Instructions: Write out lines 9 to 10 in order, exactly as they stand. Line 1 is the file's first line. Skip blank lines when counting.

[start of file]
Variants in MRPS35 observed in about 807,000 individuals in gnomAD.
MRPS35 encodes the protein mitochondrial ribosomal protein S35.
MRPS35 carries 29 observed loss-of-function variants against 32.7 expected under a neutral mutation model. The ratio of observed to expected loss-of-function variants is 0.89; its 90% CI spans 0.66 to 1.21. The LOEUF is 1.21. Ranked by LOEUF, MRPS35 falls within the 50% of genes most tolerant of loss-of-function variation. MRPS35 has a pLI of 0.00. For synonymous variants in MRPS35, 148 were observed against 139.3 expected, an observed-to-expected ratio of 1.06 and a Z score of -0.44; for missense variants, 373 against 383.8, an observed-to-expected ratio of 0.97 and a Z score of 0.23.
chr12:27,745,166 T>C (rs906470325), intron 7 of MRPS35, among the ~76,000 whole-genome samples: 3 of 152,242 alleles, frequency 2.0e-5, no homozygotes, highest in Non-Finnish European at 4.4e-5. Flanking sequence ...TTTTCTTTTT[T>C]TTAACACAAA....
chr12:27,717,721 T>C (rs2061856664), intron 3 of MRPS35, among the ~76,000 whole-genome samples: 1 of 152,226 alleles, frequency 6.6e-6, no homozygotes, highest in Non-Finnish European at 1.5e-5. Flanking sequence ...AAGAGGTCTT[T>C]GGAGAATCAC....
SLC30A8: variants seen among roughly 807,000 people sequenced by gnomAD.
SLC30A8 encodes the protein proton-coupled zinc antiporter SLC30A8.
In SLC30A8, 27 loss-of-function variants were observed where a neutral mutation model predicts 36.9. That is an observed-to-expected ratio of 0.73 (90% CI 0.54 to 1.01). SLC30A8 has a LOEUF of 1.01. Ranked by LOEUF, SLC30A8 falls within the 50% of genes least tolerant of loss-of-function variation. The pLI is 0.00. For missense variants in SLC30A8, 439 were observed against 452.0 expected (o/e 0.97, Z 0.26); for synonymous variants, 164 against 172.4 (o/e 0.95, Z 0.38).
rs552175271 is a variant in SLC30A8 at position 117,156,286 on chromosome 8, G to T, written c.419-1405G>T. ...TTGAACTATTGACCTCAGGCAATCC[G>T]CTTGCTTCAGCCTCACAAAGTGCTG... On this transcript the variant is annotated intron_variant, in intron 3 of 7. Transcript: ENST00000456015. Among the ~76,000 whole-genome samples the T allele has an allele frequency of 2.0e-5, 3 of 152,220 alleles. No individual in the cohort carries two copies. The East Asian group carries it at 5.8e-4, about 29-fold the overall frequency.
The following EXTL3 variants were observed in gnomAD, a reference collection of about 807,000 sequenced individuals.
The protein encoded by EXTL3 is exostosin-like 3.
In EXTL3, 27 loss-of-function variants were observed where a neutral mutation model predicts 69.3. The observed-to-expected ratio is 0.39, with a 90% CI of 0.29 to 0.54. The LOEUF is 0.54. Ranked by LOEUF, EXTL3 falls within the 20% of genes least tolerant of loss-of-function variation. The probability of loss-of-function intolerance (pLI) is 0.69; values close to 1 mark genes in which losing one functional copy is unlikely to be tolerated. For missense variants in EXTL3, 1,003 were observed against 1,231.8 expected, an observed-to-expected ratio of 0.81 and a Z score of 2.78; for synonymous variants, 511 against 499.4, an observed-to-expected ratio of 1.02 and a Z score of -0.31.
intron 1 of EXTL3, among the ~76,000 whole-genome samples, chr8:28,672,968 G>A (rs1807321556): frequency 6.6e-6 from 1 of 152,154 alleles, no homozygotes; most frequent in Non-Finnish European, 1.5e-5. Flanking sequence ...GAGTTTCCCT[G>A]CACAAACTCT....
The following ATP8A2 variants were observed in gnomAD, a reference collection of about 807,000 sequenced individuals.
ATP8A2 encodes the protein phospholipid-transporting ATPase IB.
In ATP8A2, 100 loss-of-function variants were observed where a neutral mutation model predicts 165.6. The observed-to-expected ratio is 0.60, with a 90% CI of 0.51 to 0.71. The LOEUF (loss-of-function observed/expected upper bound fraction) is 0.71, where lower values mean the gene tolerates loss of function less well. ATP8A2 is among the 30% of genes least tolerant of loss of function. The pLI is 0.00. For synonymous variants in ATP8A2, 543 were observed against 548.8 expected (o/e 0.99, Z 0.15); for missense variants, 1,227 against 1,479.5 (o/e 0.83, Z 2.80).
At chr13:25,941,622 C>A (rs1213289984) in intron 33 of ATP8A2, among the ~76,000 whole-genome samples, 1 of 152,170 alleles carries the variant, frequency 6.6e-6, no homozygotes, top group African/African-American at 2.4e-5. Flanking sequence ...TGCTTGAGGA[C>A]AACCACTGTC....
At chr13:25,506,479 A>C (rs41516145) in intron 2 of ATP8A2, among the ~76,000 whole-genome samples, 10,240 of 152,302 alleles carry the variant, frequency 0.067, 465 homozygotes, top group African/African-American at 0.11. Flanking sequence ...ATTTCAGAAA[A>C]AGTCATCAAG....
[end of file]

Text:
rs552175271 is a variant in SLC30A8 at position 117,156,286 on chromosome 8, G to T, written c.419-1405G>T. ...TTGAACTATTGACCTCAGGCAATCC[G>T]CTTGCTTCAGCCTCACAAAGTGCTG... On this transcript the variant is annotated intron_variant, in intron 3 of 7. Transcript: ENST00000456015. Among the ~76,000 whole-genome samples the T allele has an allele frequency of 2.0e-5, 3 of 152,220 alleles. No individual in the cohort carries two copies. The East Asian group carries it at 5.8e-4, about 29-fold the overall frequency.
The following EXTL3 variants were observed in gnomAD, a reference collection of about 807,000 sequenced individuals.